State Labor Commissioner Michael Thurmond says his department has prepared for 8,000 school-related applications for jobless benefits this summer.

Even more teachers and school workers could lose their jobs next year, as federal stimulus funding is depleted.

Spread across the state’s 180 school systems, it’s …

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DuBose Porter says he’s pro-life

Abortion may have just become an issue in the Democratic campaign for governor. Blake Aued of the Athens Banner-Herald posted the following late Friday:

Carol and DuBose Porter, Democratic candidates for lieutenant governor and governor, respectively, after qualifying last month. Bob Andres, bandres@ajc.com

Carol and DuBose Porter, Democratic candidates for lieutenant governor and governor, respectively, after qualifying last month. Bob Andres, bandres@ajc.com

Attention, ladies: DuBose Porter is pro-life.

But the Democratic gubernatorial candidate says he’s not going to make a big deal out of it.
Porter, the House minority leader from Dublin, is a hard man to pin down on abortion. That’s not surprising, given that he’s stuck between a conservative, religious rural constituency and statewide ambitions that involve appealing to a more liberal, female, urban audience as well.

Talking to Porter about biotech research this afternoon, I prefaced a question about embryonic stem cells by asking him whether he was pro-life or pro-choice.

“I don’t know if that’s where government needs to be,” he dodged.

I pressed a little …

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Your morning jolt: ‘I’ll close the Governor’s Mansion’ to pay for schools, says Roy Barnes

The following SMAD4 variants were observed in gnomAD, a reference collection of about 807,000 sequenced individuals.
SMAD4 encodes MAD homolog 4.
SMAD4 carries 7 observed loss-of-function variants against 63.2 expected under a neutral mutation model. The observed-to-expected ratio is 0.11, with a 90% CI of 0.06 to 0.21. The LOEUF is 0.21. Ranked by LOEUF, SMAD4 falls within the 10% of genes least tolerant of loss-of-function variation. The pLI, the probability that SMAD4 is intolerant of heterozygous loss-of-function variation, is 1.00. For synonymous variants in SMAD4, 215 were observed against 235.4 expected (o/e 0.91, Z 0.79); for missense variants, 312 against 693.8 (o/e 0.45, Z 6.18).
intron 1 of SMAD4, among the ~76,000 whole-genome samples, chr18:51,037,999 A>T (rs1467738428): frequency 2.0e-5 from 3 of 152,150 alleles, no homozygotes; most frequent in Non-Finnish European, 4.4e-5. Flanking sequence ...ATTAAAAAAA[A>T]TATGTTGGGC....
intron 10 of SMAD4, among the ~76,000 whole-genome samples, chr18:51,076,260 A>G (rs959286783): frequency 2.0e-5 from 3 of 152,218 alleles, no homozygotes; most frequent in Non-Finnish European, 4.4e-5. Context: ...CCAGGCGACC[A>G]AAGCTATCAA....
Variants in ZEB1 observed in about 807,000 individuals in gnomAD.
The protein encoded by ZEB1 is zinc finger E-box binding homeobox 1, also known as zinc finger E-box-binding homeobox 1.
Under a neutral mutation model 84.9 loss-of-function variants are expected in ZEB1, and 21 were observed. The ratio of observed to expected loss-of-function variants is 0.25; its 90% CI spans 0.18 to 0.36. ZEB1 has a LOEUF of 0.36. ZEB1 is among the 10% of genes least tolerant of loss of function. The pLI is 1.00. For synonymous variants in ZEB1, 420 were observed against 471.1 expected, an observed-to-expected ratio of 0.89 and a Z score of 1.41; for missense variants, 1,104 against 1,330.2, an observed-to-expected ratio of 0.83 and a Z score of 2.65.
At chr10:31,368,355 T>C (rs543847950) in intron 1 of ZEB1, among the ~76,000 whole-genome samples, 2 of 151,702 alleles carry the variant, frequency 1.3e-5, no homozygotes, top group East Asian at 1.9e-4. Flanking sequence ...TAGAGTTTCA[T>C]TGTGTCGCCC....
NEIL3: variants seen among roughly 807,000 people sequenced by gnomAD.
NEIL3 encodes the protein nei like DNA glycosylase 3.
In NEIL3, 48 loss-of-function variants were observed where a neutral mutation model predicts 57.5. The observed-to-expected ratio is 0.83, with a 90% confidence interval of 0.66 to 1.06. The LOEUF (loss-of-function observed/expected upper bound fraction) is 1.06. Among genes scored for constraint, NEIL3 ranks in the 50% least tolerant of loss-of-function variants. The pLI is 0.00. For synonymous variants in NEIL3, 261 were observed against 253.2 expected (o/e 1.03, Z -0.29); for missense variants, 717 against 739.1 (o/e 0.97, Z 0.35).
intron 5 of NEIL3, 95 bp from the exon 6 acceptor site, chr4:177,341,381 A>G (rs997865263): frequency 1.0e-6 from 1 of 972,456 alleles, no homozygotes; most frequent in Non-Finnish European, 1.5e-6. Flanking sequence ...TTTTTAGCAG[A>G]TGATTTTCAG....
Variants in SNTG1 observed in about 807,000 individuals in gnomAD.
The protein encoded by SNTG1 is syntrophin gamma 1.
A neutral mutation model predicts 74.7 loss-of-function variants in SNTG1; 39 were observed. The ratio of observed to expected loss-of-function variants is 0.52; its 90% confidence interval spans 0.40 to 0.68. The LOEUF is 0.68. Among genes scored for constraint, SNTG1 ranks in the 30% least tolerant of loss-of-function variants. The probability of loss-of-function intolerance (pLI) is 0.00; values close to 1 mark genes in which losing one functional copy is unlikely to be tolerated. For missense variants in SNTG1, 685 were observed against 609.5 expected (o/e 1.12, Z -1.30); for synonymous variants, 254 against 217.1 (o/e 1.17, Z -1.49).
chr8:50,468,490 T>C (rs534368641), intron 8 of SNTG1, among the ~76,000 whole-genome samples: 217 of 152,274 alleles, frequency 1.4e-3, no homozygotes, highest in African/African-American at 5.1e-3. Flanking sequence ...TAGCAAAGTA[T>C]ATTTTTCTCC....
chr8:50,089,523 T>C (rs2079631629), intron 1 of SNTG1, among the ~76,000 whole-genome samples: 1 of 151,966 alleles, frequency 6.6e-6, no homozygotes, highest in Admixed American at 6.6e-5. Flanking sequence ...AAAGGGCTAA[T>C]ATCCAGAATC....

Three Democratic candidates for governor were down in Savannah last night to speak to a small crowd of school teachers, administrators and parents.

Larry Peterson of the Savannah Morning News said all three received a warm reception, and all three supported a proposal to increase the minimum dropout age from 16 to 17.

Former National Guard commander David Poythress declared that teachers shouldn’t bear the responsibility for failing schools: “You don’t lead people by …. threatening their jobs if they don’t meet some artificial criteria. You lead people by inspiring them.”

House Minority Leader DuBose Porter of Dublin noted his role in creating the lottery-funded HOPE scholarship program, and a formula for financing education that has been abandoned by Gov. Sonny Perdue, a Republican.

The Morning News continues:

But the loudest applause went to Barnes, who stressed the importance of early childhood education and vowed to stop furloughs of teachers.

Of the three candidates, he …

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Of 13 handcrafted pigs and the governor’s race

Last week, the University of Georgia unveiled a set of 13 handcrafted pigs.

The freshly shampooed creatures represented a 20-year breakthrough in campus research. “A seminal discovery in animal and human biology,” declared Scott Angle, dean of the College of Agriculture and Environmental Sciences.

One of 13 customized pigs unveiled in Athens last week. Photo/University of Georgia

One of 13 customized pigs unveiled in Athens last week. Photo/University of Georgia

Two UGA researchers, Steve Stice and Franklin West, have discovered how to implant and activate pluripotent stem cells — capable of morphing into any kind of organ — into pig embryos.

Forget the jargon. In a world of possibilities, the immediate bottom line is this: Custom-made animals without the complications of cloning, whose organs could be developed for human use — without rejection.

“We could have herds and herds of pigs from which we would collect beta islet cells for diabetic patients, hearts for transplants — kidneys, livers and such,” said West, a 28-year-old product of …